With the Nov. 1 season-opener looming, NBA owners and players meet this weekend to discuss a new labor deal in the midst of a 3-month lockout.
University of Notre Dame Finance Professor Richard Sheehan, who specializes in the economics of sports, says there are three fundamental issues to consider in terms of reaching an agreement, two of which haven’t been publicized.
“The first is the simple question of what are the real numbers?” he says. “The owners contend that the financial model currently in place is untenable and that they are losing money. I am inclined to agree that the current situation may be untenable, but without the owners providing more details about their real finances, it’s impossible to say for sure. There are so many ways to be creative in accounting and turn a profit into a loss. Certainly, that’s what the players think the owners have been doing and they don’t believe owners’ claims of losing money.”
However, Sheehan says a more fundamental point is missing.
“Why should anyone expect an NBA franchise to make money?” he asks. “Why would you buy an NBA franchise? Do you buy it because you think it’s a good investment or for the fame and notoriety associated with owning an NBA franchise? If it’s the former, sure you want and expect to make money. But if it’s the latter, why is there any expectation of making money? You essentially bought an extremely expensive toy. That may give you the ability to complain that it’s not as much fun as you thought it would be, but any claims of losing money should be ignored.”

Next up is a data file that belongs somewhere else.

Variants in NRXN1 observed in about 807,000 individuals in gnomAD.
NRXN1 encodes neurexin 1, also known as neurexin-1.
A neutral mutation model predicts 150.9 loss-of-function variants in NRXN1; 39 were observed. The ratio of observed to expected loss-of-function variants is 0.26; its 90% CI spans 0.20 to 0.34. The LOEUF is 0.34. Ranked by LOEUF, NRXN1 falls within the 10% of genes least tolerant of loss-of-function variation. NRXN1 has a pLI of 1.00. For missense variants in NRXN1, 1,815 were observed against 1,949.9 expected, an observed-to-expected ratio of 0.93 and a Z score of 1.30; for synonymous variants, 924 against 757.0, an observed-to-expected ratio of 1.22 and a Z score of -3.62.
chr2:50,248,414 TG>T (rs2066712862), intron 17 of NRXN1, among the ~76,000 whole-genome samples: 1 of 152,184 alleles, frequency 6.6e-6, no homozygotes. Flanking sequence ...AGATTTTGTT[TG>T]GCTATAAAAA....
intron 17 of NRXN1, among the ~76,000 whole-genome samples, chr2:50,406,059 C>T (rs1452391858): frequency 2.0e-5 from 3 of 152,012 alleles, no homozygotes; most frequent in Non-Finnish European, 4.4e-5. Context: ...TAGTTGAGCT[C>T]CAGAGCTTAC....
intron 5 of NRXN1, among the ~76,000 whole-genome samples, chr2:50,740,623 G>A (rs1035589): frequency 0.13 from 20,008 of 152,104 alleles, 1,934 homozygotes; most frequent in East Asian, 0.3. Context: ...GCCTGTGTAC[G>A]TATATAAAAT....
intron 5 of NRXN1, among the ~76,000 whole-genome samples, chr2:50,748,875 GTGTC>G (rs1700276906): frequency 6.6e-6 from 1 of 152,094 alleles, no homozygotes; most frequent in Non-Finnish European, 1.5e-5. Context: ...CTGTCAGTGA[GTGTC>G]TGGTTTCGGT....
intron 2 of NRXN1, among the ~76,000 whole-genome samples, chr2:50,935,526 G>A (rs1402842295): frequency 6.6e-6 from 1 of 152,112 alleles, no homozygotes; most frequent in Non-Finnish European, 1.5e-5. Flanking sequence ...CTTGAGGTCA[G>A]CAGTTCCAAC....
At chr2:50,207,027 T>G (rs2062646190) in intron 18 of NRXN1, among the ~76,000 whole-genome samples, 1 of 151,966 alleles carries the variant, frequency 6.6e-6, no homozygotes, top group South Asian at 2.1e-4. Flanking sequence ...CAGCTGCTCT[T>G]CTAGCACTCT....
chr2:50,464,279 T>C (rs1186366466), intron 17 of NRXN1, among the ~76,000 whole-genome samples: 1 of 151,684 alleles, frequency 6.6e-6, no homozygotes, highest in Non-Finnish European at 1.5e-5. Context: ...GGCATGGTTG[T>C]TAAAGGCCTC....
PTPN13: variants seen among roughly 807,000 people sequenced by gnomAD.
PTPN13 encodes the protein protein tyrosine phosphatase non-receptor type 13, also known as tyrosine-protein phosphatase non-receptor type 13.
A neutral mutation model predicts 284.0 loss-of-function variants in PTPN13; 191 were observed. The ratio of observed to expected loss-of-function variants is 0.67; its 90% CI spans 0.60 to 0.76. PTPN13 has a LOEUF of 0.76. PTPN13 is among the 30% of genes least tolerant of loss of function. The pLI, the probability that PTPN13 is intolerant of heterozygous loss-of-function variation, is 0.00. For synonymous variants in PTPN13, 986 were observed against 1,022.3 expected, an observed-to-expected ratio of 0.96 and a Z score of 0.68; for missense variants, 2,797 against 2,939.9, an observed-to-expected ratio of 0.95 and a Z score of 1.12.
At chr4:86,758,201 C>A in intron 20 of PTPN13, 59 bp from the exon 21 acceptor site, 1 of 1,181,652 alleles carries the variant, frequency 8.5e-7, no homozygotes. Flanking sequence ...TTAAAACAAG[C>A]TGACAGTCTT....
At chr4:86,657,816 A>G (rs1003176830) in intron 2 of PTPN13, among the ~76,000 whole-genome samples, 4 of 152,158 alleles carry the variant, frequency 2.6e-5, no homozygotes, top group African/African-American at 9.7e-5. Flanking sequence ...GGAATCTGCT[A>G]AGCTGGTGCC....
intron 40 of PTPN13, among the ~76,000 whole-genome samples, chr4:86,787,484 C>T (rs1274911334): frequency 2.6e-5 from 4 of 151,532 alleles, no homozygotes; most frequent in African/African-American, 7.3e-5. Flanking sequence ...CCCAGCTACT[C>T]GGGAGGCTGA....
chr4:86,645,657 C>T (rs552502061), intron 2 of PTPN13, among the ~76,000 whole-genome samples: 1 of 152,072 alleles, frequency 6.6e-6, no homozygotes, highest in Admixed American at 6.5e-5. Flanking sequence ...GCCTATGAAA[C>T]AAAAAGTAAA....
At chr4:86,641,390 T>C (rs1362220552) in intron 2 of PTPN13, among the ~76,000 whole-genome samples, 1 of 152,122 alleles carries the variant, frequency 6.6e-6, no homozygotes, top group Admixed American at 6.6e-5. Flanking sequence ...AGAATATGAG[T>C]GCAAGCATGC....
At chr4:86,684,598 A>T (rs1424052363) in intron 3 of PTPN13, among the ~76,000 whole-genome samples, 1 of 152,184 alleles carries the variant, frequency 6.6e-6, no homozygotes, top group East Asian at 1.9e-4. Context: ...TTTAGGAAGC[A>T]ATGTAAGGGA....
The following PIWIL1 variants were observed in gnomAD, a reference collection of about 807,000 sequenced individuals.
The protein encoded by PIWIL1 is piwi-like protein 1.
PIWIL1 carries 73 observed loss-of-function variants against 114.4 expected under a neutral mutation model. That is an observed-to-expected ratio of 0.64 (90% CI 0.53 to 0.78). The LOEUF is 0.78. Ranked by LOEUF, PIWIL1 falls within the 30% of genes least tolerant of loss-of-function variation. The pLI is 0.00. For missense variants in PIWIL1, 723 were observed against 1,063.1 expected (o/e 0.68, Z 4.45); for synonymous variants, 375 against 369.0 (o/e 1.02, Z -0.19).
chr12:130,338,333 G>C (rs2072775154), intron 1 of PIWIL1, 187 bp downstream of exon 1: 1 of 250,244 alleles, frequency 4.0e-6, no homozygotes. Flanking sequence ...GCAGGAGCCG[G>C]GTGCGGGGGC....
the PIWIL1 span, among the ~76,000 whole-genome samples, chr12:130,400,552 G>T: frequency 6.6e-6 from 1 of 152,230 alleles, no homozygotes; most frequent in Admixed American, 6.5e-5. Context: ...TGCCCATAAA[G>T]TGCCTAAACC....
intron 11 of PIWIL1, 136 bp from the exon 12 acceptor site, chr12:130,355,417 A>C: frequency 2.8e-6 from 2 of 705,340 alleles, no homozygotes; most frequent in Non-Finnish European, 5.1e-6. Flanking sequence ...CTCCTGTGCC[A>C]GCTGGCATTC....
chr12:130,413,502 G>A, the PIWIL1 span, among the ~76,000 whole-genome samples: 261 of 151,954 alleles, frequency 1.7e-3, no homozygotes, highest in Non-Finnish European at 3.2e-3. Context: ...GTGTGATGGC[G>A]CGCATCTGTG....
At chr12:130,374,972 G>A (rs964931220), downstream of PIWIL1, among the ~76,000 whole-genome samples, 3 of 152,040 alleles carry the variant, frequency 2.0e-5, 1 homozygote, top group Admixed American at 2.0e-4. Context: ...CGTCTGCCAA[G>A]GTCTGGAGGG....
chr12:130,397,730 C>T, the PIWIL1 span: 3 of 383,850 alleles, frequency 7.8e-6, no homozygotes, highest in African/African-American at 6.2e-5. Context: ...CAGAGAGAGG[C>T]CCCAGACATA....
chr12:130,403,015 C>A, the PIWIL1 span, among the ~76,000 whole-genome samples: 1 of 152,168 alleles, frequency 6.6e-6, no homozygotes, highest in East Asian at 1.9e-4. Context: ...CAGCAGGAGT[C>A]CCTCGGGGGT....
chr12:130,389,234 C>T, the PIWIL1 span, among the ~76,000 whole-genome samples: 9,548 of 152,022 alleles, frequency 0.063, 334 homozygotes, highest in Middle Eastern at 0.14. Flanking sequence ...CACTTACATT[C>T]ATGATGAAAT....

Sheehan says another issue, not heavily discussed, is even more fundamental to the settlement of the lockout.
“Owners don’t all have the same objective and players don’t all have the same objective,” he says. “Some owners appear to really value the enjoyment that comes from owning a franchise. The Dallas owner, Mark Cuban, precisely fits that mold. In contrast, some owners are in it for the money, like L.A. Clippers owner Don Sterling. This is important to consider because the owners need to present a unified front, and obviously Cuban and Sterling would not be in agreement on all issues. Cuban presumably wants rules that will let his franchise win and won’t interfere with his ability to field the team that will do that. In contrast, Sterling would prefer guidelines that will let his franchise make money. It’s not clear that there’s a negotiating position that will satisfy both. And realistically there will likely be a range of owner objectives in between.”
Players also have differing objectives, and Sheehan says their greatest split will likely be between those who earn the top salaries, and will do so for many years, and those who are near the minimum and may be in the league only for a brief period.
“Bottom line will be which group is able to come up with a negotiating position that will most effectively exploit the potential split in their bargaining partner.”
Sheehan, author of “Keeping Score: The Economics of Big-Time Sports,” also has examined the relationship between collegiate athletics and academics.
Media Advisory: Sheehan’s comments may be used in whole or in part. He is available for interviews and can be reached at 574-631-5212 or Sheehan.firstname.lastname@example.org